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Yvette Cooper calls for inquiry into Chief Whip's outburst on Newcastle visit

SHADOW Home Secretary Yvette Cooper has compared the Government’s chief whip’s behaviour to that seen in anti-social teenagers on Tyneside estates.

Vera Baird, Shadow Minister Yvette Cooper, and Newcastle Council leader Nick Forbes

SHADOW Home Secretary Yvette Cooper has compared the Government’s chief whip’s behaviour to that seen in anti-social teenagers on Tyneside estates.

Ms Cooper repeated calls for an inquiry into Andrew Mitchell’s police outburst on a visit to Newcastle to promote Labour police commissioner candidate Vera Baird.

Demands for a full Whitehall investigation into the row were rejected last night.

Cabinet Secretary Sir Jeremy Heywood said he agreed with Prime Minister David Cameron that there would not be “any purpose” in a probe after Mr Mitchell apologised for the incident.

Mr Mitchell has been under pressure since claims emerged that he swore at police and called an officer a “pleb”.

During a tour of the Blakelaw estate in Newcastle yesterday, Ms Cooper said families struggling with teenagers who failed to respect the police would find the comparison easy to make.

She said: “It is shocking. He has admitted he swore at officers, that is a change in what he said before, but he is still saying something very different to what the police say.

“We can’t have a situation where the PM ignores the testimony of the police officers whose job it is to keep Downing Street safe.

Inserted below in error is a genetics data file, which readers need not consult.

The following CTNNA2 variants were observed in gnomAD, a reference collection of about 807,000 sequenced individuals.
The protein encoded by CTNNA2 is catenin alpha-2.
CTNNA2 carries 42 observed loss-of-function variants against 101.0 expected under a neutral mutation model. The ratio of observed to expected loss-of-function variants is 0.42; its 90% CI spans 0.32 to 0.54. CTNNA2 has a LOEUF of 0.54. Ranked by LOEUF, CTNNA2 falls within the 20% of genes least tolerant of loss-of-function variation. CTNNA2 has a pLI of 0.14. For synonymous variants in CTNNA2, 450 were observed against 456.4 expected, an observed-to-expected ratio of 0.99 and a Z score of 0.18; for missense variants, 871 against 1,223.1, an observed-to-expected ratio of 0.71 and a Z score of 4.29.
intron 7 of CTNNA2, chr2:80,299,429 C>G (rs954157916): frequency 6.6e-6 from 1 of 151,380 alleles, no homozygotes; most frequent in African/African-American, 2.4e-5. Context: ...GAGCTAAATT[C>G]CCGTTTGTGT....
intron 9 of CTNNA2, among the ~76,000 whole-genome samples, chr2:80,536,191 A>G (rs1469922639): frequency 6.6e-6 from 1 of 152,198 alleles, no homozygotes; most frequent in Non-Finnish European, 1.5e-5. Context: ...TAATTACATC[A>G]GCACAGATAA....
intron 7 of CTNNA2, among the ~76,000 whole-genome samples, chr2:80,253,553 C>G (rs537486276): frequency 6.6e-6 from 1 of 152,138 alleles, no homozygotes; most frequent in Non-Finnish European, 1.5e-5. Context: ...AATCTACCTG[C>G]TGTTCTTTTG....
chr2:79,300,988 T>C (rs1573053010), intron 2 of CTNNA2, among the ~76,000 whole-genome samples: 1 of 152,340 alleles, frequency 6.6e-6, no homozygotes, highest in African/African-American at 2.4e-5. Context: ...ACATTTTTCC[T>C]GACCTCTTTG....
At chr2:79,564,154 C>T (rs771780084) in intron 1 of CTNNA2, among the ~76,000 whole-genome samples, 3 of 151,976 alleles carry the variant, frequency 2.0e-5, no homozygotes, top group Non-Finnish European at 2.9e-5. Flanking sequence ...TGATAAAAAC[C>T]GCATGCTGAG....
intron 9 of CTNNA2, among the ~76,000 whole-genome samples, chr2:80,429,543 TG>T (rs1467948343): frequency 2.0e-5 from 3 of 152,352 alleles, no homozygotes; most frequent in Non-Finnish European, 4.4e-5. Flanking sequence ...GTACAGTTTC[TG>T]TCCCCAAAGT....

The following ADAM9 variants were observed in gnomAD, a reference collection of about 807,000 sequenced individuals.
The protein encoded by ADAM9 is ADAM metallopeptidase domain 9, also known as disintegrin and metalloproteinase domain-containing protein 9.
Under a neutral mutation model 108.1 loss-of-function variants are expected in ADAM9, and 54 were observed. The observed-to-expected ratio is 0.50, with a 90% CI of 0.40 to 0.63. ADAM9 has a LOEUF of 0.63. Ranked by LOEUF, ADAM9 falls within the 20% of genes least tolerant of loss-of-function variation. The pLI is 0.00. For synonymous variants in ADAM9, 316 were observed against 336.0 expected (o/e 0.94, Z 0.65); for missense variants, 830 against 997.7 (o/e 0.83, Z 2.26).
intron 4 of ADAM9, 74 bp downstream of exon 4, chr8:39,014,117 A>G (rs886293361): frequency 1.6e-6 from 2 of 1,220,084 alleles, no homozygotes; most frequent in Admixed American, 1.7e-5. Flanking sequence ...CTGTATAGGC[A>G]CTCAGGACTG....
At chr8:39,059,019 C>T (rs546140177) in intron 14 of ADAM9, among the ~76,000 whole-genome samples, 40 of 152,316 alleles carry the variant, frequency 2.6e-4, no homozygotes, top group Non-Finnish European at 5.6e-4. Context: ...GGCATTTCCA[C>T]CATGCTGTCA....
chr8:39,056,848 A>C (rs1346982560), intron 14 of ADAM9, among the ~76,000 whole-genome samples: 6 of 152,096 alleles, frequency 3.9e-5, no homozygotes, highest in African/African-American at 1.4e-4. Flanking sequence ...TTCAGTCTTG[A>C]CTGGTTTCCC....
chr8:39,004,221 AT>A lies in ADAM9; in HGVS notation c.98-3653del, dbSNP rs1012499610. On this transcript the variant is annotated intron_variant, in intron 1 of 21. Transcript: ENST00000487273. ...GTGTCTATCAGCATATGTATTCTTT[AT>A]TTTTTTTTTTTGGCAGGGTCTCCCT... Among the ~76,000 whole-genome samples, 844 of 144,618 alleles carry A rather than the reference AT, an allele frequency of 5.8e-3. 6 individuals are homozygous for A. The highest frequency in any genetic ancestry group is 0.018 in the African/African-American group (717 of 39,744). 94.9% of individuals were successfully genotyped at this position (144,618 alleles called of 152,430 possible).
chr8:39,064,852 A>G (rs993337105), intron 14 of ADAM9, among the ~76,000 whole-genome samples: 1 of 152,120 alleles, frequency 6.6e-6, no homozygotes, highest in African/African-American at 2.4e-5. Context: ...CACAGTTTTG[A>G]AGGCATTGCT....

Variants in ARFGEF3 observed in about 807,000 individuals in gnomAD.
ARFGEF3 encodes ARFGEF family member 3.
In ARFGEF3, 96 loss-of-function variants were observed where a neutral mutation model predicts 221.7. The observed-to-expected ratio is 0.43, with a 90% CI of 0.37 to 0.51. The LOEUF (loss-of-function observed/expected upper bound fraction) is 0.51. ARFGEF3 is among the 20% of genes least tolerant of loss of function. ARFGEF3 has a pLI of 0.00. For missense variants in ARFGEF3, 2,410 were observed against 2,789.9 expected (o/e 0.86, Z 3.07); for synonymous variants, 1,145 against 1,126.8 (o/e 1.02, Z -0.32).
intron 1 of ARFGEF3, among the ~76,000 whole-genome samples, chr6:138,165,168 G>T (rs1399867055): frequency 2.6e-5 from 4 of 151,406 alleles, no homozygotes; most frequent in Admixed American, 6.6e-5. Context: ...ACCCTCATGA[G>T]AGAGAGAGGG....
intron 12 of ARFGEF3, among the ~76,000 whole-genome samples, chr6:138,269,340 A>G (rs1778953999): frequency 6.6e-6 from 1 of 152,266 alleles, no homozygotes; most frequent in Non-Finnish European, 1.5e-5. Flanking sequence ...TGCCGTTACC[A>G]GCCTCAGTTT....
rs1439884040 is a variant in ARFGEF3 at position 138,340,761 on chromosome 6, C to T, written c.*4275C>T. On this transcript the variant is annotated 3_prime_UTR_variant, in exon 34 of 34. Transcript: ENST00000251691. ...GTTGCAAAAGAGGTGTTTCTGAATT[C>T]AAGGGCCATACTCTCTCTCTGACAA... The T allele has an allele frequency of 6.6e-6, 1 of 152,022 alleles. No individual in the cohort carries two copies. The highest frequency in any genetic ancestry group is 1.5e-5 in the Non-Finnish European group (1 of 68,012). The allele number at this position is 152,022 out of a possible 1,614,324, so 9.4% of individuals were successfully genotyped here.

“Did Andrew Mitchell call a serving police officer a pleb, because he has not answered that question? We heard today, we were actually told, that part of the problem here in Newcastle is that some of the kids do not have respect for the police and it makes it much worse if you have on the news senior members of the Government calling police officers names.”

Ms Baird, seeking to be the first police commissioner in the Northumbria patch, said it showed the Government was out of touch. She said: “I don’t think you would find Andrew Mitchell coming to see an estate like this. I don’t think he understands what our folk are facing up to, it hasn’t penetrated to the likes of Witney or Sutton Coldfield. I think he is completely unaware of the damage he does with his cuts and the example he sets with his behaviour.”

In his first appearance before the cameras since news of his outburst broke last week, Mr Mitchell insisted that reports of his comments were inaccurate.

Asked whether he had used the politically explosive word “plebs”, he said: “I want to make it absolutely clear that I did not use the words that have been attributed to me.”

Speaking as he arrived for work in Whitehall, Mr Mitchell declined to give any detail of what words he recalled using in the altercation last Wednesday.

But he acknowledged that he had not shown the police “the amount of respect I should have done” during the confrontation.

“It had been the end of a long and extremely frustrating day – not that that is any excuse at all for what happened,” he said.

But Chief Superintendent Irene Curtis, president-elect of the Police Superintendents’ Association, said it was still unclear whether Mr Mitchell used the word “pleb”.

She said: “We are five days on from when this incident happened and we’re still no clearer as to what was said.

“By saying he disputes what the officer has said, he’s actually calling into question the police officer’s integrity, and for a police officer that’s a very serious matter.”

 

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